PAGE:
So I like my new digs, but I’m tired of only half living in the house. I miss my little dog man. And it’s raining and snowing pretty much at the same time. Fortunately my locale is pretty even in the rain/snow. My office is somewhat assembled. And no one is drilling holes in my walls. Today.

How are you folks doing?

 

Classical vs. Classic

Hey folks, Chicago Manual of Style 17th edition is live. Holy shit! I just got it yesterday, and so have not fully explored all that is new and excited about our favorite orange (then blue, and now orange and blue) book.

I have grand plans of skimming the book cover to cover because I have forgotten many things over the years, and I’m afraid I also rely on old knowledge. However, today’s post is brought to you by a targeted strike.

I have always thought (snobbily) that “classical” should be reserved for music or Greeks. So when today’s author said, “blah blah blah classical tea-cozy weaving,” I said, not so fast. Then I remembered my resolution to be more in touch with my inner Chicago 17 and said, OK, OK, I’ll look it up.

Is the drama killing you yet? Is it a tragedy of epic proportions (also a mixed metaphor I am sure)? Have you gone on to other blogs because you don’t give a fuck about style and usage?

I thought not. It turns out you use classic to mean a seminal or authoritative work, and classical to mean something traditional in a field of art or literature.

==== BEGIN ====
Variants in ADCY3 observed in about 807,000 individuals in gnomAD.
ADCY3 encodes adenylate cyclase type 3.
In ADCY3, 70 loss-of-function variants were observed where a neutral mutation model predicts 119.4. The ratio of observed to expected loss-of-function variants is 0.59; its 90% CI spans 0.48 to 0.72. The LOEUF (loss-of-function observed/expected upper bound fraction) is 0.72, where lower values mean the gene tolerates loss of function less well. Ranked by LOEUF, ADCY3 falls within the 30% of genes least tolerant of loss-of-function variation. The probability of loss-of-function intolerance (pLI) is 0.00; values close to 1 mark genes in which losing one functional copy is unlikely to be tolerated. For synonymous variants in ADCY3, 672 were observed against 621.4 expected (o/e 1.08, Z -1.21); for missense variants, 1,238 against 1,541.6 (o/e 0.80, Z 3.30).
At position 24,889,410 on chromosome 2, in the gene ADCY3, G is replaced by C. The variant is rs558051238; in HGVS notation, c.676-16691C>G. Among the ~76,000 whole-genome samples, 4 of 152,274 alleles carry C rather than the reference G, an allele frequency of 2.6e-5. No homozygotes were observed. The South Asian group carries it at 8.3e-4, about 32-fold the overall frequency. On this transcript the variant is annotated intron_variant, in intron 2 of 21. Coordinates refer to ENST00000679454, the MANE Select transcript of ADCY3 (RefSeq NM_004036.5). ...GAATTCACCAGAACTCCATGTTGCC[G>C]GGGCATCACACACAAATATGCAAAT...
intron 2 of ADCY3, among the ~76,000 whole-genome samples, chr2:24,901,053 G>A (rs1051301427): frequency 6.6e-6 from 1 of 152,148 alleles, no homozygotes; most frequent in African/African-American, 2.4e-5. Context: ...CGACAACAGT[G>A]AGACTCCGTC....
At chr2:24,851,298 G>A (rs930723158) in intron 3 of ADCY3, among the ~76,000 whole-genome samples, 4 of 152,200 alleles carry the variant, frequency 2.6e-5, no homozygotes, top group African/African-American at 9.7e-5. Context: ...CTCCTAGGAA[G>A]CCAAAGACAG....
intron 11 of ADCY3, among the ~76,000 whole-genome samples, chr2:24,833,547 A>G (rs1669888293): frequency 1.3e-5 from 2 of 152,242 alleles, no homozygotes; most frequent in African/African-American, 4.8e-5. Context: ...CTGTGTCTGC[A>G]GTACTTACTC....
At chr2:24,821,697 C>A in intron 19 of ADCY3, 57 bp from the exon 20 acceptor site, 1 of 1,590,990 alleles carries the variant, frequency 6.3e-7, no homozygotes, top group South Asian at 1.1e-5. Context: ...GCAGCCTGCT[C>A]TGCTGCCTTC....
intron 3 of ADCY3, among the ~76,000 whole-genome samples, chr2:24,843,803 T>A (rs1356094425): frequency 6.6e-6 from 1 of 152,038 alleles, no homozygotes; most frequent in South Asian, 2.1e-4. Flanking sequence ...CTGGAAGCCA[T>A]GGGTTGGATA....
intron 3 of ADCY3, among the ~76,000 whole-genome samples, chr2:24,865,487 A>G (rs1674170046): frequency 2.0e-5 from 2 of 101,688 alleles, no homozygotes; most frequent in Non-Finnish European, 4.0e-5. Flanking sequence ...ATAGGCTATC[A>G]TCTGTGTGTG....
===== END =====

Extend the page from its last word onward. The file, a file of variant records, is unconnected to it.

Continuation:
For example, “Patricia Briggs’ novels are a classic example of urban fantasy, or what my spouse calls Vampire Lesbians in the Mist.” But “Let’s go back to the classical methods of forging iron rather than buying cheap molded iron from China.”

Any other questions?

Invalid or Writer?

It’s a beautiful fall day in the new homeplace. And yet I am in bed. Not sleeping or doing unmentionable things. I am writing.

I’m pretty sure my neighbors think I’m an invalid. I rarely leave the house, and when I do, I’m wearing a ratty sweatshirt and pajama pants. I think I brushed my hair yesterday?

I should be pouring over produce at the farmer’s market or walking through picturesque woods. At the very least I should be unpacking or painting my Beloved’s office, canning tomatoes, reading the paper, raking leaves, or making artisanal potholders to sell at a local market.

Nope. It’s me, a stack of paper, my computer, and the duvet. I am not living; I am not exploring my new environs; I’m finishing the fucking manuscript so I can send it to a professional editor on Monday.

Tell me this is worthwhile.

 

October Notes

My new office looks out over my rural yard. When I hear a new noise outside I always try to identify its source. I’ve identified new birds (wood thrush), recognized familiar ones (you’re a loud thing, chickadee), and had a sighting of the neighbor’s terrier. (What new beast is—-never mind, classic fluffy dog, size medium-to-small.)

I found a walk through some fields that I can take with my dog without either of us being mistaken for deer by zealous hunters. I’ve also established a new rule of country living: Always check your towel for bugs/arachnids/other small horrors before taking a shower.

I am subject to more than one prime directive when I wake up in the morning, which is confusing. Paint, write, live in your new place. This sounds like I’m an artist living on air, but in fact the painting is of a more domestic kind. Gotta put a second coat of paint on the bedroom and then (because I live in a farmhouse) paint the damn floor.